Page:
So now those are available for us to go ahead and use. When making up sweeps in and reveals, you're going to find that working in either elevation, section or 3D view is probably best. Let's go to the Section tag and we'll click here. And now you can see we're into the section. I'm going to kind of zoom in. And we'll go to the Architecture>Wall>Drop Down. You'll see Sweep and Reveal are right here. We're going to pick Sweep.

And in the Type selector, go ahead and pick Cornice. And you'll see that when you bring in cornice, it brings in a piece there. Just go ahead and click on it. And then click on it again. Because, what we want to do is we want to edit the type. Right now it's an architectural piece that needs to be changed. So, we're going to come back in here and hit, Edit Type, and what we're going to do is duplicate.

And we're going to call this, crown. And we'll call it crown1, and press OK. Now we have a default profile that's sitting out here. And we're gona change that profile by coming in and looking at the ones that we went ahead and downloaded. One of which is Crown1, 3". So we're going to go ahead and pick that. And then press OK. Now you should see a change in the profile right here. Go ahead and click on it because at the same time you can go ahead change the height when you bring 'em in you can just kind of slam them into place.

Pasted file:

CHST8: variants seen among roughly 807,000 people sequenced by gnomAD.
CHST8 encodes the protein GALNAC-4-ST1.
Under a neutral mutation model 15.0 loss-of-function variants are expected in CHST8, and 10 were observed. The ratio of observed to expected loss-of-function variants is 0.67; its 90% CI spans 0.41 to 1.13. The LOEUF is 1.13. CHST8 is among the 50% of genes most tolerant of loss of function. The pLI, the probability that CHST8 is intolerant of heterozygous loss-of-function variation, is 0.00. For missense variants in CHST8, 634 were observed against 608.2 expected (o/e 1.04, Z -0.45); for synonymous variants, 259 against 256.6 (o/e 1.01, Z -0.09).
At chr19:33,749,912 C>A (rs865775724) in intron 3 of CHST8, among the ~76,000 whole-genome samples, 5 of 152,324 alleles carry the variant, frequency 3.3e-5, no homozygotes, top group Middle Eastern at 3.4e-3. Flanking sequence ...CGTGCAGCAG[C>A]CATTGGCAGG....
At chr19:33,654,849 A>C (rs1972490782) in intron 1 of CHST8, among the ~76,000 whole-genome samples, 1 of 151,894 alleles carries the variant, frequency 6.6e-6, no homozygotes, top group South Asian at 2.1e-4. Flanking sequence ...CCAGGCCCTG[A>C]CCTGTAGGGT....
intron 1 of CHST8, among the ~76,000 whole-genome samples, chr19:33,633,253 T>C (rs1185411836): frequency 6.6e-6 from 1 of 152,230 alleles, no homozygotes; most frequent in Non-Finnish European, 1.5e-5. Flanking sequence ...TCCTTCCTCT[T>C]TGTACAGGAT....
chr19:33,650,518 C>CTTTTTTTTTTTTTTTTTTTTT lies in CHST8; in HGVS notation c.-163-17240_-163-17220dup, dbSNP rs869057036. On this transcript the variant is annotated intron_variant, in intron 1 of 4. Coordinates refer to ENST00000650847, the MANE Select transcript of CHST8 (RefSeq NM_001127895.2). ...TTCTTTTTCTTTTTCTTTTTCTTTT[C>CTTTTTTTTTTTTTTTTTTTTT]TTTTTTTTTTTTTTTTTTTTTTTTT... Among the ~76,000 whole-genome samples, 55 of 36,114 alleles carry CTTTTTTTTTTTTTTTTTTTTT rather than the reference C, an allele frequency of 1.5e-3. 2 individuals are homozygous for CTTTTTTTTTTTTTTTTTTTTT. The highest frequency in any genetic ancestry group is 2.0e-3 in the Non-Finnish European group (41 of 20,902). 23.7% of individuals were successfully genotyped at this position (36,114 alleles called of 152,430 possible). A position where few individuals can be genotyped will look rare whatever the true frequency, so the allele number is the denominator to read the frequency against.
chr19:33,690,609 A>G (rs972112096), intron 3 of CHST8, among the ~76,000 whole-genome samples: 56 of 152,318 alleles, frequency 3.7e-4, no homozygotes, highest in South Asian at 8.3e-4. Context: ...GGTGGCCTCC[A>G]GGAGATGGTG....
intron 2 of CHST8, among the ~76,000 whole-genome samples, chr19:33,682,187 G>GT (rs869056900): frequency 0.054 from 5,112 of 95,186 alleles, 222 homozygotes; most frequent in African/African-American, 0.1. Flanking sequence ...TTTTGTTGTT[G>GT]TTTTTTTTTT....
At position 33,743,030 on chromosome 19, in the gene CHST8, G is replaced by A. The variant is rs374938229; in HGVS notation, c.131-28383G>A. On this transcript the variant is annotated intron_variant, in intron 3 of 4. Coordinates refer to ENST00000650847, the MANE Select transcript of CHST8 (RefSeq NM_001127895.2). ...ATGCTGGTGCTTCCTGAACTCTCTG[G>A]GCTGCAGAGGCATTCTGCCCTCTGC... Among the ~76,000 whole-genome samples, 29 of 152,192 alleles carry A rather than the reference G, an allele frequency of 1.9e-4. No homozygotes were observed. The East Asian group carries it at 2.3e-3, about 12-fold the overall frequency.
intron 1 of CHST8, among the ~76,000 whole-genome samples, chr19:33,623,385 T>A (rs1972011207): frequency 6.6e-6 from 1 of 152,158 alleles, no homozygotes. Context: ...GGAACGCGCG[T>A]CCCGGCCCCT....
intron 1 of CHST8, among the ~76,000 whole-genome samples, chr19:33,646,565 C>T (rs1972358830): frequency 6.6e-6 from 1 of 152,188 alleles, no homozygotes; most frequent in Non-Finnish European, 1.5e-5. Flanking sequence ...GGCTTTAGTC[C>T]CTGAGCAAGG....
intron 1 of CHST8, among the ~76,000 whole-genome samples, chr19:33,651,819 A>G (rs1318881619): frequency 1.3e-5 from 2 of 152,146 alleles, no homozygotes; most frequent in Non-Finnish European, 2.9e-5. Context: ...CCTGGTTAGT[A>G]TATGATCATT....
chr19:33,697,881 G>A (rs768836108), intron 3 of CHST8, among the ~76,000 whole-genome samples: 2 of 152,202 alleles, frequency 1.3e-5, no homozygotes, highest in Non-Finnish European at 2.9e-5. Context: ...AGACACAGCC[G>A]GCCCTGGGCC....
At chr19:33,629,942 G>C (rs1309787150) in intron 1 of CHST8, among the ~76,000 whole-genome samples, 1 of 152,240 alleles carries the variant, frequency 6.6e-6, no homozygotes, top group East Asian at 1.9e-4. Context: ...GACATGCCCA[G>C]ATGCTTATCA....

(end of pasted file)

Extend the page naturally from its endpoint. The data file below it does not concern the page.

Click on 'em and then come over here and use the temporary dimension to basically make it final. Let's try putting one in using the 3D view. So I'm going to come up to Toolbar>Wall>Sweep>Crown 1 and I'm just going to bring it in. And hit Modify. Click on here and notice that I'm not at eight six, I'm just going to go ahead and put this in, by clicking on it.

And there we go. Now you'll notice that these sweeps they go all the way through. This is one element. And it goes right through the walls that are here. Let's do another one. Well, this time we'll put in a wainscot. So let's go down to section one and the browser. And, pick up, again the wall sweep. And, in this case, let's look for decorative. And come in here. And you'll notice what happens with this one, is it notices that there's a window element there.

And it actually goes ahead and cuts the sweep. Now when that happens, though, it still kind of goes through the wall. If you click on this sweep, you'll notice that you have some grab bars here. Now if you move 'em around a little bit, you can do that, but you can't do too much. The issue here is that you do have some conflicts and constraints, so one of the things that you might want to think about is not trying to do individual sweeps in a room. But just do one large one and then edit it this way.

Otherwise you could end up having some issues with constraints and conflicts going back and forth. We can use these sweep tools for creating different types of wall trims. You can download various ones from the library. And like I said you can also go ahead and make your own. And you download 'em into your project, you can change the names. And then just bring 'em into place, use temporary dimensions to make for final placement and there you go.